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These background notes cover every assigned text in the Revised Common Lectionary for each Sunday and major observance throughout the year.


Writer Mark Ellingsen

Mark Ellingsen, Pastor, Theologian, AuthorMark Ellingsen, author of Lectionary Scripture Notes, is a minister in the Evangelical Lutheran Church of America (ELCA) and a professor at the Interdenominational Theological Center in Atlanta, Georgia. He graduated magna cum laude from Gettysburg College and has received four degrees from Yale University. He has authored many titles, most recently Lectionary Preaching Workbook for CSS Publishing Company….read more


Proper 18 | OT 23, Cycle B


God cares for the poor. The lessons lead to reflections on God’s care for the poor, a commitment which emerges from the awareness that God cares for us (Social Ethics, Providence, Justification by Grace).

Psalm 125
This is a Song of Ascents (or Pilgrim Psalms). Recall that such psalms are so-named for referring to the ascent of pilgrims to Jerusalem on the way to the temple, which required of them an ascent up a mountain. (Some instead claim that these psalms are so named because they have an ascending style of poetic form.) This particular Ascent Song is a prayer for deliverance from national enemies. It is likely a group lament. The Psalm expresses confidence that the Lord will surround his people and remove wickedness in the land (vv. 1-3). Prayer is offered that the Lord would do good to the good [tob] while those who turn aside be given over to evildoers (vv. 4-5). (Goodness in Old Testament usage refers to God, and so to be good is to be in God’s way, much like righteousness connotes this reality [see the exposition of the Psalm that follows.)

Application: Sermons on this text might explore the wickedness in our land in its various contemporary expressions (Sin). Preachers could then proclaim the confidence we have that God will deliver us, striking down the wickedness (Providence, Justification by Grace, Social Ethics).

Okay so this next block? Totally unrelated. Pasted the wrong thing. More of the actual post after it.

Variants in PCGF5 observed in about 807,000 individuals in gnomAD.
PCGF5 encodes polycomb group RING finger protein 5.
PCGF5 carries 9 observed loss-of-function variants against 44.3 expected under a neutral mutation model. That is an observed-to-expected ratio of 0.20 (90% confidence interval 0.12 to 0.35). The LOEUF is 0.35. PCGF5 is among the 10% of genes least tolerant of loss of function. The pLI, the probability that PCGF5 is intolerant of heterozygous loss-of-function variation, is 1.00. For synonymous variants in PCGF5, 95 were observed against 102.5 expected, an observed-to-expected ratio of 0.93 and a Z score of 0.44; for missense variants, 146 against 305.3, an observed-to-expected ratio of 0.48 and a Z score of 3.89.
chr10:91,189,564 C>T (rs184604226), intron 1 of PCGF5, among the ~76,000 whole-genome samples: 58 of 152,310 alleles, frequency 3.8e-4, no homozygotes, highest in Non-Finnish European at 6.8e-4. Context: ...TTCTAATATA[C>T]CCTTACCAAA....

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Psalm 146
This is a hymn praising God for his help. After uttering ritual cries of Hallelujah (Praise the Lord), vowing to do so all lifelong (vv. 1-2), the psalmist reminds us not to put our trust in anyone but God, for all human beings will lose their breath and return to the earth in death (vv. 3-4). Those whose help is in God are said to be happy [ashar, also connoting blessed] (v. 5). Over-against human inadequacy, God is said to be the one who made heaven and earth, the sea and all that is in it, who executes justice/judgment [mishpat] for the oppressed [ahaq], feeds the hungry, sets the prisoners free, loves the righteous [tsaddiq], and upholds orphans and widows (vv. 6-9). It is good to remind ourselves again that the concept of “righteousness” even in an Old Testament context is not to imply that the believer lives in faultless conformity to some moral law. It has to do with living in right relationship with God (Gerhard von Rad, Old Testament Theology, Vol. 1, pp. 370-371). We should also remember that God’s judgment in the Hebraic sense is a word of comfort, in the sense that it can cause positive outcomes and comfort in knowing that God’s just actions against the faithful have an end in sight (Gerhard von Rad, Old Testament Theology, Vol. 1, pp. 343, 358-359).

Application: This Psalm might provide several homiletical possibilities. We might reflect on the shortness of life and that only God deserves our trust (Sin and Sanctification). It also provides an occasion to explain the concept of righteousness, how we are worthy of God because he puts us in right relationship with him (Justification by Grace). More in line with the Theme of the Day, we could explore with parishioners how God’s judgment is on behalf of justice, how he is on the side of the poor and those in need (Social Ethics and Providence).